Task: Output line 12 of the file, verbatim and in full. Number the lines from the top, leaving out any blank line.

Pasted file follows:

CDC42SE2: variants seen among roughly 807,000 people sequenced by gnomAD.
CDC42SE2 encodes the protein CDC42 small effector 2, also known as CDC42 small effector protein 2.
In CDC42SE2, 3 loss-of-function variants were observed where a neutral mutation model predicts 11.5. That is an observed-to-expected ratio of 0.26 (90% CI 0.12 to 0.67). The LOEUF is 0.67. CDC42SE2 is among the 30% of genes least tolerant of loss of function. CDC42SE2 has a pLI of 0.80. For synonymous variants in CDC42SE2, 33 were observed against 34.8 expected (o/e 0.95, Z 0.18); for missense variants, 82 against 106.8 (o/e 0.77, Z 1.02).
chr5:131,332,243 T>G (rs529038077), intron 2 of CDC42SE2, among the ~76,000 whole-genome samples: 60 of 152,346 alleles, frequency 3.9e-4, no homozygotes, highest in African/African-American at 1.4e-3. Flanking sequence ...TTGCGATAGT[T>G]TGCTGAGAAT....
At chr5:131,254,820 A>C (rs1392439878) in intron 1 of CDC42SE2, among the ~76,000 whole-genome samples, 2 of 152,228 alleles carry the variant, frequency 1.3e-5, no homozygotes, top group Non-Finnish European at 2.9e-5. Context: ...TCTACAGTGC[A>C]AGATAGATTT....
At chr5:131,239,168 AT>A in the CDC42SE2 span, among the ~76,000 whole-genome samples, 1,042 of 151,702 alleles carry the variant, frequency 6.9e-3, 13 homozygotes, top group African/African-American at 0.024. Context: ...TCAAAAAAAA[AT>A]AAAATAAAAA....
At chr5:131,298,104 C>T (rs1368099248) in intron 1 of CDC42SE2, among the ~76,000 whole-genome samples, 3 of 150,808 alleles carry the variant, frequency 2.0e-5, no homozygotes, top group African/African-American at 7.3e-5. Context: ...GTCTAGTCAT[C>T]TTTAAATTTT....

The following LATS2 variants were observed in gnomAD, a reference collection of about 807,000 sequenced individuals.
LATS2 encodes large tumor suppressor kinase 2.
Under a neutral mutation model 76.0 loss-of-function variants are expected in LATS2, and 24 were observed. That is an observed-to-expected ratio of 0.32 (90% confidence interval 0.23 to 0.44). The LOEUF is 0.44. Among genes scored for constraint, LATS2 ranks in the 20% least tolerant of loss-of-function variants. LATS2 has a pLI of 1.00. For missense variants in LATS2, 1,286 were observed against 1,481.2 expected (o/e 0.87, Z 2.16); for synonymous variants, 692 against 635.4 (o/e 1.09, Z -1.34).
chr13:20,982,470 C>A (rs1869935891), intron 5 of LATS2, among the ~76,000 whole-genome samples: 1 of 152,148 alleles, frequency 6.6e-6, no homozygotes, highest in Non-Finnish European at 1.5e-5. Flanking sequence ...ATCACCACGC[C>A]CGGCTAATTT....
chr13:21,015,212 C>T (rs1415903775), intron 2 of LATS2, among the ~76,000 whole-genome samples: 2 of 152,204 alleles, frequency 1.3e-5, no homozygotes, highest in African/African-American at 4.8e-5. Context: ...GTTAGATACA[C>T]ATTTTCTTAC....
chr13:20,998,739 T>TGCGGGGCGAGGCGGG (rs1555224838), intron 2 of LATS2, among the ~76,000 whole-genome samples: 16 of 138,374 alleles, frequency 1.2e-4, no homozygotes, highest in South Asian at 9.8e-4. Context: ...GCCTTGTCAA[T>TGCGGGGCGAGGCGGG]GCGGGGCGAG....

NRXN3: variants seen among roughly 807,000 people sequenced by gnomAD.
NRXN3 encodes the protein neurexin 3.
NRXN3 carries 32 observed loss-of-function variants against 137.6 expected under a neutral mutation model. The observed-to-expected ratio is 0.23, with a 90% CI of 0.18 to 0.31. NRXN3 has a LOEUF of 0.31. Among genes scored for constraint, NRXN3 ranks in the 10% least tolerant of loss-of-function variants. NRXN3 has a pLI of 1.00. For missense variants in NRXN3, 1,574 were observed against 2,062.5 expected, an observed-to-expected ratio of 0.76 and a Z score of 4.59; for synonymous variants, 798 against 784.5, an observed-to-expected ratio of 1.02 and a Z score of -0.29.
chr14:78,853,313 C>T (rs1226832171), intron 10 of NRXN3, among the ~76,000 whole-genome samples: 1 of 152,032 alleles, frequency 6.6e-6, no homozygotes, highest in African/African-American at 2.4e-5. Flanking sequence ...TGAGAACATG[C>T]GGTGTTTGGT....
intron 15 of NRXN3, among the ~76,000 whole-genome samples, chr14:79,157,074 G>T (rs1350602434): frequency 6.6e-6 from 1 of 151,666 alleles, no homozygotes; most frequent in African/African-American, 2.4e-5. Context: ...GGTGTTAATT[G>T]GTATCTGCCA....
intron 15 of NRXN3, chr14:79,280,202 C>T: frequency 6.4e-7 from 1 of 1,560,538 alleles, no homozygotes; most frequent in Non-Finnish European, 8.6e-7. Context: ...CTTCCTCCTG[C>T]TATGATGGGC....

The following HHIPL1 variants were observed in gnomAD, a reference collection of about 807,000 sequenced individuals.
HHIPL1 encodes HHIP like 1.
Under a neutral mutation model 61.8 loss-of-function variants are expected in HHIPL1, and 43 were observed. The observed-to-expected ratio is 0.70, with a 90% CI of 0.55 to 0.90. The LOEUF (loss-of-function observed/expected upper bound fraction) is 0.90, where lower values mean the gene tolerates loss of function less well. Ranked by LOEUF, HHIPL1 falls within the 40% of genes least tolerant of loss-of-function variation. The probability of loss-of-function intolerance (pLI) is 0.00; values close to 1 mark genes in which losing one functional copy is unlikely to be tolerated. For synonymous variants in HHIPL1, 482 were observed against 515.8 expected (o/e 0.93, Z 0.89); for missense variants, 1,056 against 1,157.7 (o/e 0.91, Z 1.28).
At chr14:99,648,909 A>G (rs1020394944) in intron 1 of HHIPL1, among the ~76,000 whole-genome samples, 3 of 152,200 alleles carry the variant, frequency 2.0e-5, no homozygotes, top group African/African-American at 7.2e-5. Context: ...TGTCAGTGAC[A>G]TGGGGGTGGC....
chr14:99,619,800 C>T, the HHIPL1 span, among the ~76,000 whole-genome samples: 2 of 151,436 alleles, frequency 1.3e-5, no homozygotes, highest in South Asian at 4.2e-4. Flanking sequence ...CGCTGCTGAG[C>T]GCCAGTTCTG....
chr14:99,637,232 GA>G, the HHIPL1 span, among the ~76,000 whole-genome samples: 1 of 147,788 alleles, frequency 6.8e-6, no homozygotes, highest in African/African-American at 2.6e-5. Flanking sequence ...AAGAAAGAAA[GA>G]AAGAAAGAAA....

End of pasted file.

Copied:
chr13:21,015,212 C>T (rs1415903775), intron 2 of LATS2, among the ~76,000 whole-genome samples: 2 of 152,204 alleles, frequency 1.3e-5, no homozygotes, highest in African/African-American at 4.8e-5. Context: ...GTTAGATACA[C>T]ATTTTCTTAC....